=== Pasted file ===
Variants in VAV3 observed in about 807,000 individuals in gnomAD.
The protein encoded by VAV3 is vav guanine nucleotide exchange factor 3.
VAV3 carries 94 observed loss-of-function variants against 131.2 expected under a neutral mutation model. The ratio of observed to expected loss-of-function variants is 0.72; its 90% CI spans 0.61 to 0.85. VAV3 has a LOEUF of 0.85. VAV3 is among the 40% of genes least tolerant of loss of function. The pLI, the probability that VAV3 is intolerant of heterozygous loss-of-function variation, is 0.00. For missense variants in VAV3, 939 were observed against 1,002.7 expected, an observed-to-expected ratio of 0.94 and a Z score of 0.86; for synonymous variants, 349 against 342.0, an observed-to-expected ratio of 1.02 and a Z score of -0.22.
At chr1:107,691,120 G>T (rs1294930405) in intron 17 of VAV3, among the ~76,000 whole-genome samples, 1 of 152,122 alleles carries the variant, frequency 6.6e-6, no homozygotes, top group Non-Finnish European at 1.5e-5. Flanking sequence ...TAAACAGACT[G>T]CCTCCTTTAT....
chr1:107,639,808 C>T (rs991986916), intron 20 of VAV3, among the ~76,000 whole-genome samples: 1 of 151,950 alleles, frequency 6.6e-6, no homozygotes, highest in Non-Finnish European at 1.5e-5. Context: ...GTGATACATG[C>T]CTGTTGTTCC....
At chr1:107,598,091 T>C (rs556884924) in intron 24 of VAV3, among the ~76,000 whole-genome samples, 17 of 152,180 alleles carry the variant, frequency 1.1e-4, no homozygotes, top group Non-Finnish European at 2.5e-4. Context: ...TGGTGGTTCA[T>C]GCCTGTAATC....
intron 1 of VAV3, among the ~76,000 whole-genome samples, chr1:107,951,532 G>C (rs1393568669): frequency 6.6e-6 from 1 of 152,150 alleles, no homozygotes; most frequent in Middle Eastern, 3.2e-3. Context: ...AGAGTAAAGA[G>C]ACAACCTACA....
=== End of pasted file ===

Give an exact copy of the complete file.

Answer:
Variants in VAV3 observed in about 807,000 individuals in gnomAD.
The protein encoded by VAV3 is vav guanine nucleotide exchange factor 3.
VAV3 carries 94 observed loss-of-function variants against 131.2 expected under a neutral mutation model. The ratio of observed to expected loss-of-function variants is 0.72; its 90% CI spans 0.61 to 0.85. VAV3 has a LOEUF of 0.85. VAV3 is among the 40% of genes least tolerant of loss of function. The pLI, the probability that VAV3 is intolerant of heterozygous loss-of-function variation, is 0.00. For missense variants in VAV3, 939 were observed against 1,002.7 expected, an observed-to-expected ratio of 0.94 and a Z score of 0.86; for synonymous variants, 349 against 342.0, an observed-to-expected ratio of 1.02 and a Z score of -0.22.
At chr1:107,691,120 G>T (rs1294930405) in intron 17 of VAV3, among the ~76,000 whole-genome samples, 1 of 152,122 alleles carries the variant, frequency 6.6e-6, no homozygotes, top group Non-Finnish European at 1.5e-5. Flanking sequence ...TAAACAGACT[G>T]CCTCCTTTAT....
chr1:107,639,808 C>T (rs991986916), intron 20 of VAV3, among the ~76,000 whole-genome samples: 1 of 151,950 alleles, frequency 6.6e-6, no homozygotes, highest in Non-Finnish European at 1.5e-5. Context: ...GTGATACATG[C>T]CTGTTGTTCC....
At chr1:107,598,091 T>C (rs556884924) in intron 24 of VAV3, among the ~76,000 whole-genome samples, 17 of 152,180 alleles carry the variant, frequency 1.1e-4, no homozygotes, top group Non-Finnish European at 2.5e-4. Context: ...TGGTGGTTCA[T>C]GCCTGTAATC....
intron 1 of VAV3, among the ~76,000 whole-genome samples, chr1:107,951,532 G>C (rs1393568669): frequency 6.6e-6 from 1 of 152,150 alleles, no homozygotes; most frequent in Middle Eastern, 3.2e-3. Context: ...AGAGTAAAGA[G>C]ACAACCTACA....